The Daughter Track: Balancing Career and Caring for Your Parents

Caring for an aging parent tests us in ways we never imagined. Will it force us out of jobs we love and need?

By Mary Lou Quinlan
Mary Lou Quinlan
Photograph: Photo courtesy of Mary Lou Quinlan

Work or Family?

It was a sunny September morning when the phone rang and I heard my mom whisper, "I’m in the hospital."

"Oh my god, what happened to you?"

"It’s not me," she said. "It’s Dad. He’s had a stroke."

In an hour, I was boarding a plane for the longest three-hour flight of my life. When I got to the hospital, Dad was hooked up to machines, struggling to speak, and apologizing to me — first for having "this stupid thing" happen and then for "making you fly all the way to Fort Myers." The next night, as his strength began to return, he said, "You’ve got to get back to your job."

My parents have always been proud of my career. But it surprised me that even in this crisis, they pushed me back to work. I flew north to a long-scheduled client meeting, torn between my identities as a successful executive and as a good daughter who loves her parents beyond words. I barely remember the meeting, but I’ll never forget how disappointed in myself I felt for choosing work over family. Dad recovered. My nine-to-nine life went on.

That was my first taste of the Daughter Track. Many women my age are caught between two competing priorities: sustaining a hard-won career and tending to parents who are living longer and needing more of our help.

Suddenly, They Really Need Us

When Rose Haeni’s mother was struck with sudden, severe dementia, Haeni, 49, had to leave her job as a medical records manager to supervise her mom’s care. "Mother was hospitalized and misdiagnosed many times — with Alzheimer’s, stroke, general dementia. Then she was moved to a rehab center," Haeni says. "I didn’t realize there would be so much for me to do: monitoring her medications, staying vigilant with the staff and keeping a detailed diary of her care. But I absolutely needed to stay on top of things to keep her safe." Haeni’s mother died in April 2005; an autopsy revealed that the dementia had been caused by an inflammation of the brain.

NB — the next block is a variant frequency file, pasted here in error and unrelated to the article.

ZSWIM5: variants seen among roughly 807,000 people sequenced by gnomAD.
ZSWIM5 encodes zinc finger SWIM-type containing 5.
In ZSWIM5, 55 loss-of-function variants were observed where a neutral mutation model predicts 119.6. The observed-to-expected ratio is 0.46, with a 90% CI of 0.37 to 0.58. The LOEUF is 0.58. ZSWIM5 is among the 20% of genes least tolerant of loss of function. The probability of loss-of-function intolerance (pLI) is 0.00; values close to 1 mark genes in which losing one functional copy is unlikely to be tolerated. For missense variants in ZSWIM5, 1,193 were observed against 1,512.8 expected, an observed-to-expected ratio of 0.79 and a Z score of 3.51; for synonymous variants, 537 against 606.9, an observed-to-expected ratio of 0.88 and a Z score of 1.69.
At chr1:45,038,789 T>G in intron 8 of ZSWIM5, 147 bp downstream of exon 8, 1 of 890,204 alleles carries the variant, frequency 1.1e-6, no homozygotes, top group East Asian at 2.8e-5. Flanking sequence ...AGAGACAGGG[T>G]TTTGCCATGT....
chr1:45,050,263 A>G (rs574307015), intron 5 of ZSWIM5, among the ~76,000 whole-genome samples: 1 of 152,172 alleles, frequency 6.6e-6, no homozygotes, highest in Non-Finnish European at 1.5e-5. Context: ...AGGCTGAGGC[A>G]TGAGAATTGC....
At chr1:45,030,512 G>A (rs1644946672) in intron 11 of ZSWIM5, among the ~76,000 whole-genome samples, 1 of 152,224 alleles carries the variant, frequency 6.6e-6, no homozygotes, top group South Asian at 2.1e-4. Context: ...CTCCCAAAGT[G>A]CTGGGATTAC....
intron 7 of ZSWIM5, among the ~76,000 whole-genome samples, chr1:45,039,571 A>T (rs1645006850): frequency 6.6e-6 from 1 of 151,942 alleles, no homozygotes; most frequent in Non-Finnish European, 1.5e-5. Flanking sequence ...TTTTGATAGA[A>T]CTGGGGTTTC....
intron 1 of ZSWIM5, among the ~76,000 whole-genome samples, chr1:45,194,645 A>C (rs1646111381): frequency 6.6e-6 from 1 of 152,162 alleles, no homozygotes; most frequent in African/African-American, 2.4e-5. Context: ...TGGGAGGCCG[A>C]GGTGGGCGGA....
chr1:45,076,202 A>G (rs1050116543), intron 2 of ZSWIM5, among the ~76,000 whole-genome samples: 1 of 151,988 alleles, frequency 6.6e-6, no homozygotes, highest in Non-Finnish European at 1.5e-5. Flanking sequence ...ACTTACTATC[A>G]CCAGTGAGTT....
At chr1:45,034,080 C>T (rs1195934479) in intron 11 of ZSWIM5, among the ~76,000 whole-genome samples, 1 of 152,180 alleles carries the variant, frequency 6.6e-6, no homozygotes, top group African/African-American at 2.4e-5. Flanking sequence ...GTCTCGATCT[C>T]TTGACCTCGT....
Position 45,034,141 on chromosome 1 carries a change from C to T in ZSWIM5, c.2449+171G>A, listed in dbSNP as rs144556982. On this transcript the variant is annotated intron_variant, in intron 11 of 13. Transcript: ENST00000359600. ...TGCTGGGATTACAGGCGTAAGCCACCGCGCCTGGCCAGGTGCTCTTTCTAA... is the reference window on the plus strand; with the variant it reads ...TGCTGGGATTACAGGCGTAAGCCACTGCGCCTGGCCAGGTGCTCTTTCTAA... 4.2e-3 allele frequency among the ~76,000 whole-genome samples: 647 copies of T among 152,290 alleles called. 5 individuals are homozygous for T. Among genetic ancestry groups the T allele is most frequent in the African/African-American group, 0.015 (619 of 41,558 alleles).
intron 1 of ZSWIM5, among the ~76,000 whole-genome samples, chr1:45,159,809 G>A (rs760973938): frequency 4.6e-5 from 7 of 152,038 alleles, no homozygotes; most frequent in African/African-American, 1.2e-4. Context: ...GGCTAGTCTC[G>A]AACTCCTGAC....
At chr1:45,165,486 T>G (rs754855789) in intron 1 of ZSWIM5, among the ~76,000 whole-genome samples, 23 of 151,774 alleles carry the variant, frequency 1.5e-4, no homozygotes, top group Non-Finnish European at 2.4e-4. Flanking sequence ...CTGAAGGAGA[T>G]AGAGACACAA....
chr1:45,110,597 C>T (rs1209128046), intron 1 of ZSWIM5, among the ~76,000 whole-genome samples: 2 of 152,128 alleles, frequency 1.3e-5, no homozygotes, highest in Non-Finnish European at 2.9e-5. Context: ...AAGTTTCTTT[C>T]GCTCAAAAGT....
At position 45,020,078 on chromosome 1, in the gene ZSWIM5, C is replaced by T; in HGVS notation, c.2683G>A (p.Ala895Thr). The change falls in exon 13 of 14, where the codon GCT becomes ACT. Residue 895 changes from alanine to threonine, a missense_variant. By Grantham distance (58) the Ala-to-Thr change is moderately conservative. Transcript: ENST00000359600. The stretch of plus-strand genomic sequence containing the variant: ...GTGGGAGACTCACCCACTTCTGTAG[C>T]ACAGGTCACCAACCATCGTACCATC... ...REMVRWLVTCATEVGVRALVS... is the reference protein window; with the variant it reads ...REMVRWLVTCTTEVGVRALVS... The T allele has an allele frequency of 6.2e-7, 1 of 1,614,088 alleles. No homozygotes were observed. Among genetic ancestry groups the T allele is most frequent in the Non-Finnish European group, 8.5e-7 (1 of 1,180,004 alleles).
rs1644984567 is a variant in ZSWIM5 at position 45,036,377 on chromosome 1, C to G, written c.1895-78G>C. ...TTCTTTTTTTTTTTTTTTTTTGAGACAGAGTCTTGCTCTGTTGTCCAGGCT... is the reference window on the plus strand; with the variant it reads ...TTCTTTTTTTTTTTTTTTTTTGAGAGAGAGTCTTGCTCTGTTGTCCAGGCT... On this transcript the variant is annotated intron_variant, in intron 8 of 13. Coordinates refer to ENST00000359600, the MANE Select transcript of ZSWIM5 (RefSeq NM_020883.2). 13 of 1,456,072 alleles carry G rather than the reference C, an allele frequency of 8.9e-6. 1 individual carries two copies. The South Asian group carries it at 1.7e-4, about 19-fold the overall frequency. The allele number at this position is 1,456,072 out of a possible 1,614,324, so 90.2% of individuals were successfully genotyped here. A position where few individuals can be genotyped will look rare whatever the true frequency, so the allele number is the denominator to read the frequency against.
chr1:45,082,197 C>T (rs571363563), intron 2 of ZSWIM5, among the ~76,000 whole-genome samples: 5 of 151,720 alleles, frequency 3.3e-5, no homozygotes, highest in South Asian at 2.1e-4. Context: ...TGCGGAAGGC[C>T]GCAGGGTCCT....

Since then, Haeni, who lives in Walworth, Wisconsin, has been unable to find another full-time job in the medical field, despite her 18 years of experience. She works seasonally as a first-aid professional for a summer theater and volunteers for a hospice and at a homeless shelter. "It seemed like I coped through my mother’s illness, but now I’m having a very difficult time getting back into the workforce," she says.

Haralee Weintraub, a 53-year-old pharmaceutical representative from Portland, Oregon, discovered that the way to juggle elder care and career was to invite her mother into her working life. Weintraub’s 80-year-old mother was inconsolable after losing her husband of 56 years, and what she missed most was the way the two of them used to talk over the minutiae of each day. So Weintraub, who lives 3,000 miles away, came up with a palliative of "yakking and working together."

With seed money left to her by her father, Weintraub moved from fulltime to part-time work and started, an online company offering products that help women with symptoms of menopause. Even though her mother is homebound, Weintraub appointed her vice president, printed business cards for her, and asked her to help with marketing. "Her responsibilities keep her sharp, the work helps her stay positive, and our daily chats keep us connected," Weintraub says. "Three years later, she is still lonely, and I still feel I could do more. But we are coping, growing our business, and yakking successfully!"

When It’s All on Our Shoulders

Discovering at midlife that you have a second career as caregiver comes with its own set of silent setbacks: Some of us miss out on promotions and forgo relocation offers. The underlying stress erodes our productivity. And our savings suffer, thanks to the escalating cost of care.

When Laurie Hartman’s father had a stroke nine years ago, she thought he was lucky because he could still care for himself. But Hartman, now 50, was unprepared for the devastating personality change that accompanied his condition. He became unruly and abusive to his grown children, grandchild, and his wife of 50 years. So Hartman and her brother were forced to separate the couple — Dad with her brother in Virginia, Mom with Hartman in Warren, New Jersey.

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